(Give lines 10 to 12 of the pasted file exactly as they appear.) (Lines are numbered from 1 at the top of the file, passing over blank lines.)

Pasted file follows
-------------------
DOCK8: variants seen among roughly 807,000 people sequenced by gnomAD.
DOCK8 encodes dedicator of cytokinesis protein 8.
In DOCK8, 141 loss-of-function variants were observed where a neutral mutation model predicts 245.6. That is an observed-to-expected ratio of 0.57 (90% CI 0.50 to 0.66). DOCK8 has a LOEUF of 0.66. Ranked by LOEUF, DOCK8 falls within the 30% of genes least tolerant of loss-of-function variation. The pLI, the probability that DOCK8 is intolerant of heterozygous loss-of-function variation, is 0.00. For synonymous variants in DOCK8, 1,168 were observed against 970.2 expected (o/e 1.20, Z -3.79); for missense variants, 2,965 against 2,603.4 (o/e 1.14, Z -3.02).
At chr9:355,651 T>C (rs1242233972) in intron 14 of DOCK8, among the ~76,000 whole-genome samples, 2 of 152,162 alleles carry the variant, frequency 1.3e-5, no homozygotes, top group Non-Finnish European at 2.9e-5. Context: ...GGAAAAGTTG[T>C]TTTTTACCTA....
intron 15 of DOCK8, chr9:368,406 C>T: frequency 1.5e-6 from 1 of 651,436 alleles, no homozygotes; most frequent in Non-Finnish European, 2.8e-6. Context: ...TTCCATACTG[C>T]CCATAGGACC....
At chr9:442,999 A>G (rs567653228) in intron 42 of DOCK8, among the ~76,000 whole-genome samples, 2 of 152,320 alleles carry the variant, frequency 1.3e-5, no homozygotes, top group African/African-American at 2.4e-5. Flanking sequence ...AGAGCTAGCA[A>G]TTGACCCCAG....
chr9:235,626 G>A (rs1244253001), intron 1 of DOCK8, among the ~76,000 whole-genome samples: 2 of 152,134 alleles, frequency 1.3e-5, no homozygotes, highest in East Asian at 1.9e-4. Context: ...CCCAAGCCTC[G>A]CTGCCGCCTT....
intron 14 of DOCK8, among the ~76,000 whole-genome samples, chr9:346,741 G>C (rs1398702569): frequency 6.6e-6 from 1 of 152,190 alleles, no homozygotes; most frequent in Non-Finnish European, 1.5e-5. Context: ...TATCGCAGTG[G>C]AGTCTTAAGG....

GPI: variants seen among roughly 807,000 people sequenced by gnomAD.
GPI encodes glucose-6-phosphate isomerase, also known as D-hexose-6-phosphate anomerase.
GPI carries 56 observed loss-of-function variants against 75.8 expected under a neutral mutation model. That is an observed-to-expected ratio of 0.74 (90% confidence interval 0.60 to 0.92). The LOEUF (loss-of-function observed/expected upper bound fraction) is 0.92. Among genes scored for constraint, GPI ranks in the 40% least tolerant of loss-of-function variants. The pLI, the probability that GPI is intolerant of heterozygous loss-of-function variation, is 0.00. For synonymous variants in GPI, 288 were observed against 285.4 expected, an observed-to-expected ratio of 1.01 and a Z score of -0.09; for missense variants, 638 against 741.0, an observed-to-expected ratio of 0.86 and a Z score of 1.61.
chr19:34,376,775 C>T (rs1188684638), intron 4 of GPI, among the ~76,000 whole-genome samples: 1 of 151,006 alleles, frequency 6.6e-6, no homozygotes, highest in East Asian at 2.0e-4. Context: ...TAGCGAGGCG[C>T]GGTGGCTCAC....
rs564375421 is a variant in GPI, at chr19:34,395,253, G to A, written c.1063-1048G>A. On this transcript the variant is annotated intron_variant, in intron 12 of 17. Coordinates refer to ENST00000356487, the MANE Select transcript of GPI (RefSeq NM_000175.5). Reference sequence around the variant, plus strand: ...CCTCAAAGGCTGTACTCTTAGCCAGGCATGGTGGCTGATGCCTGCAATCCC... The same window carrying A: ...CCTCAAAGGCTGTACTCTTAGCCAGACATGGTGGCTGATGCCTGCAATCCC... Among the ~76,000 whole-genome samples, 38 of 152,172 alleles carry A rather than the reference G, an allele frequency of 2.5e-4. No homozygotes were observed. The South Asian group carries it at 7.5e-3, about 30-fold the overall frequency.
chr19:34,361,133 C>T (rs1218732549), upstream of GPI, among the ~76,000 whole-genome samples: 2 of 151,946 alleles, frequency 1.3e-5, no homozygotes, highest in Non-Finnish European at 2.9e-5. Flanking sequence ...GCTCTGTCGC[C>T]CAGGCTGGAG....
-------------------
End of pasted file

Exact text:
GPI encodes glucose-6-phosphate isomerase, also known as D-hexose-6-phosphate anomerase.
GPI carries 56 observed loss-of-function variants against 75.8 expected under a neutral mutation model. That is an observed-to-expected ratio of 0.74 (90% confidence interval 0.60 to 0.92). The LOEUF (loss-of-function observed/expected upper bound fraction) is 0.92. Among genes scored for constraint, GPI ranks in the 40% least tolerant of loss-of-function variants. The pLI, the probability that GPI is intolerant of heterozygous loss-of-function variation, is 0.00. For synonymous variants in GPI, 288 were observed against 285.4 expected, an observed-to-expected ratio of 1.01 and a Z score of -0.09; for missense variants, 638 against 741.0, an observed-to-expected ratio of 0.86 and a Z score of 1.61.
chr19:34,376,775 C>T (rs1188684638), intron 4 of GPI, among the ~76,000 whole-genome samples: 1 of 151,006 alleles, frequency 6.6e-6, no homozygotes, highest in East Asian at 2.0e-4. Context: ...TAGCGAGGCG[C>T]GGTGGCTCAC....